Review: WVU Mountaineers vs Baylor Bears, 9/12/2015, 11:00 am
Final Score: Bears 62 – Mountaineers 38, Attendance: 45,370
Weather: Beautiful 75; Ticket Price: $30 Parking: Free shuttle from downtown Waco.
“The Bear Necessity” by Tree
McLane Stadium resides on the bucolic banks of the Brazos River and is one of the rare sites in college football where you can tailgate from your boat. The stadium is located on the picturesque campus of Baylor University. Baylor is located in Waco, Texas and is a Baptist University which is odd given that “Baptists are Methodists who can’t read*”. Given the strong religious affiliation, one would expect the tailgating is a little less subdued. I was unable to see it first-hand but I heard it was reasonably good down by the river. The stadium is new, constructed in 2014. It is of medium size, seating 45,140. It has one large video scoreboard and a video ribbon circling the stadium. The scoreboard and ribbon are both effectively managed, providing game stats and college football scores from around the nation. The stadium has free WiFi and a custom app to accompany the action on the field. Underneath the scoreboard is a family friendly grassy hill for general admission seating. The remainder of the stadium is a combination of benches and seatbacks. The tops of the upper deck are covered and worth considering given the hot Texas sun early in the season. I got to the game just before kickoff and struggled to find any scalpers around the stadium. It turns out that scalping is illegal on campus so I had walk to end of the stadium parking lots where I found a few scalpers. With some shrewd negotiating I scored a club level seat near the 40 yard line for $30. I say shrewd because the guy next to me paid $50 for his from the same scalper. Or course, the guy next to me who had sold the tickets only got $15 each from the scalper so shrewd is a relative term.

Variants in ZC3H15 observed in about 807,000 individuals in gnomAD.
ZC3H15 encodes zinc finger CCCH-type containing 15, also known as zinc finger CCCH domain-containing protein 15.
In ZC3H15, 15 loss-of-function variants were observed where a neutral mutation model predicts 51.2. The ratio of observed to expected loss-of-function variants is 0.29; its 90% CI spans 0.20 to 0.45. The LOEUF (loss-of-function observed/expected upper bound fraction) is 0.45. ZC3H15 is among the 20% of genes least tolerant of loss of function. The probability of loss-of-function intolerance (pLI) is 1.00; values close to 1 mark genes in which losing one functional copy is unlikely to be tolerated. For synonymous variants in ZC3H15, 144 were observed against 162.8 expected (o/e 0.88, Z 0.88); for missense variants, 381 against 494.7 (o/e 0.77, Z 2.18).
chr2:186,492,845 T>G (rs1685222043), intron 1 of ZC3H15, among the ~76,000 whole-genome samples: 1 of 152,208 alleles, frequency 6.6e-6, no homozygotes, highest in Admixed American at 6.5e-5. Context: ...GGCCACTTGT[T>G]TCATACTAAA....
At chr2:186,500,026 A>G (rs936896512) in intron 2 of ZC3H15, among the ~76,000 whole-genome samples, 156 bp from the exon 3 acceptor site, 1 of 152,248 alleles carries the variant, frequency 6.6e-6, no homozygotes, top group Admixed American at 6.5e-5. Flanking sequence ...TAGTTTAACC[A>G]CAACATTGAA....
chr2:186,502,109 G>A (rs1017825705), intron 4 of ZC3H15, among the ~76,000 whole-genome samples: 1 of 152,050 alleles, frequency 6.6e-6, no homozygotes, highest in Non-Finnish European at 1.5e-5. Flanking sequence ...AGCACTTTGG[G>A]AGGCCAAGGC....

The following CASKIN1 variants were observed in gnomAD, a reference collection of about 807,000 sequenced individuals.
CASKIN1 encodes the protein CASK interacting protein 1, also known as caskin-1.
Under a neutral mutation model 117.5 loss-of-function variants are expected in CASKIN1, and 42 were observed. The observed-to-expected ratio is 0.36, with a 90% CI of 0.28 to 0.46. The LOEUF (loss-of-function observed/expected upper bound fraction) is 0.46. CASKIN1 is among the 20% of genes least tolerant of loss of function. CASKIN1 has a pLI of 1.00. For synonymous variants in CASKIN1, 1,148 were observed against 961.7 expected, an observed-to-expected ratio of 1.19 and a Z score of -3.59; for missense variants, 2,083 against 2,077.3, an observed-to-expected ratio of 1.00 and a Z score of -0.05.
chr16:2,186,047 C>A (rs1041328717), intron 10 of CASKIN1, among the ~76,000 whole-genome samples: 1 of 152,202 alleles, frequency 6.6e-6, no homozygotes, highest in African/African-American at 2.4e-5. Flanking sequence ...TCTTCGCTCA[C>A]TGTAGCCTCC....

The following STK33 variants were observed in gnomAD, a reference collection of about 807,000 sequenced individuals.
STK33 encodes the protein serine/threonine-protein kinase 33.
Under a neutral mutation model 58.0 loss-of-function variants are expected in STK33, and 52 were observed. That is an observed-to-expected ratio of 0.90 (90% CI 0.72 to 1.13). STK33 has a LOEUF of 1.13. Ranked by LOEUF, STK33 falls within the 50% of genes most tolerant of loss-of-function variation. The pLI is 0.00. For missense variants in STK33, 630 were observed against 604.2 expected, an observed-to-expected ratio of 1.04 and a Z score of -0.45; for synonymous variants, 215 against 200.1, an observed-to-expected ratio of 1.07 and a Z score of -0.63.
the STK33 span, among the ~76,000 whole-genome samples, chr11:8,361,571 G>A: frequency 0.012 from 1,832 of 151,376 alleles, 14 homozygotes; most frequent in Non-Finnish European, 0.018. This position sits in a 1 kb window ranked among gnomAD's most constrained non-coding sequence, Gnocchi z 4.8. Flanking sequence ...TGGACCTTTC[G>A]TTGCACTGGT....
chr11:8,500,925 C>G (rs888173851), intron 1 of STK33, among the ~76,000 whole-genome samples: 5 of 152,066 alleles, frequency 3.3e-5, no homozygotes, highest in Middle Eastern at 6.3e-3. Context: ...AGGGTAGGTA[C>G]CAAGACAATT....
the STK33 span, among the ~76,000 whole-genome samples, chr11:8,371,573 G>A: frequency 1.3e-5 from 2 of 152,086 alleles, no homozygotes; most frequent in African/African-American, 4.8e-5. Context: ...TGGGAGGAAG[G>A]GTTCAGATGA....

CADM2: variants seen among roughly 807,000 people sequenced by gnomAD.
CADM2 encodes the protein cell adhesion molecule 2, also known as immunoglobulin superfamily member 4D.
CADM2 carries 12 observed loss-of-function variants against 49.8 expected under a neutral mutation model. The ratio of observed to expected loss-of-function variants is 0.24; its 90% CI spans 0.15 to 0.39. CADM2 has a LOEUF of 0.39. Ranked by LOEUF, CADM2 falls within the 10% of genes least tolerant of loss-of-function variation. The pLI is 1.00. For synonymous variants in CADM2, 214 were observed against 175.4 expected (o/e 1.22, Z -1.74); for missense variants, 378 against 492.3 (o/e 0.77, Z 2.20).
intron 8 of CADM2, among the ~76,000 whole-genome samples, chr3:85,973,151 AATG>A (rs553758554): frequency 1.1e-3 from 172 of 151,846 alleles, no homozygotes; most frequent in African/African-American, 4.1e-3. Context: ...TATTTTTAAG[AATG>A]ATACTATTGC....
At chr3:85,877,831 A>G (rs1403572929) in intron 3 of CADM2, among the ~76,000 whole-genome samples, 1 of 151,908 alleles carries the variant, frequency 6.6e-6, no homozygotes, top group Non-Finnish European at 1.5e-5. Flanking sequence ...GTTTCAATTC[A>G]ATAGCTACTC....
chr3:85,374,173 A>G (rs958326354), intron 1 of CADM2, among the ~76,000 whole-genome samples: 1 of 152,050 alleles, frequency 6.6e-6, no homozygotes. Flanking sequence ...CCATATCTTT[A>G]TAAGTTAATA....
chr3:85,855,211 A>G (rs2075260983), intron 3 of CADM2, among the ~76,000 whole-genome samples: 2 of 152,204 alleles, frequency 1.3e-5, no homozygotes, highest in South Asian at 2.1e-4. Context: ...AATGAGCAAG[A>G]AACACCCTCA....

Being new, the stadium facilities are top notch and the concessions offer a nice variety. However, their execution leaves something to be desired. I ordered some BBQ sliders and I, along with a dozen Baylor fans, was forced to wait a half hour to get them and this was in advance of the half-time rush. It was a surprisingly unprepared food service staff that tainted an otherwise excellent experience. The fans were active throughout the game, often doing their symbolic bear claw swipe with accompanying “Sic ‘Em” yell for big plays. The student body participation was strong and I saw my fair share of cowboy boots on both men and women. There were also a large number of families attending the game.
I drove up to Waco from Houston and it is an easy drive. The game was an 11:00am start which is nice if you live in Waco, not so much if you have to drive three hours or more to get there. The early start made it pretty difficult to get their early enough to tailgate. I had done some research and knew that you could drive in “downtown” Waco and park for free and take a shuttle over. Unfortunately I arrived about 15 minutes before kickoff and the parking close to the shuttle was already full and signage on where else to park was pretty much non-existent. I had to drive around until I could find a lot to park in. Fortunately it was still free and given the how small downtown is, it remained an easy walk to the shuttle spot.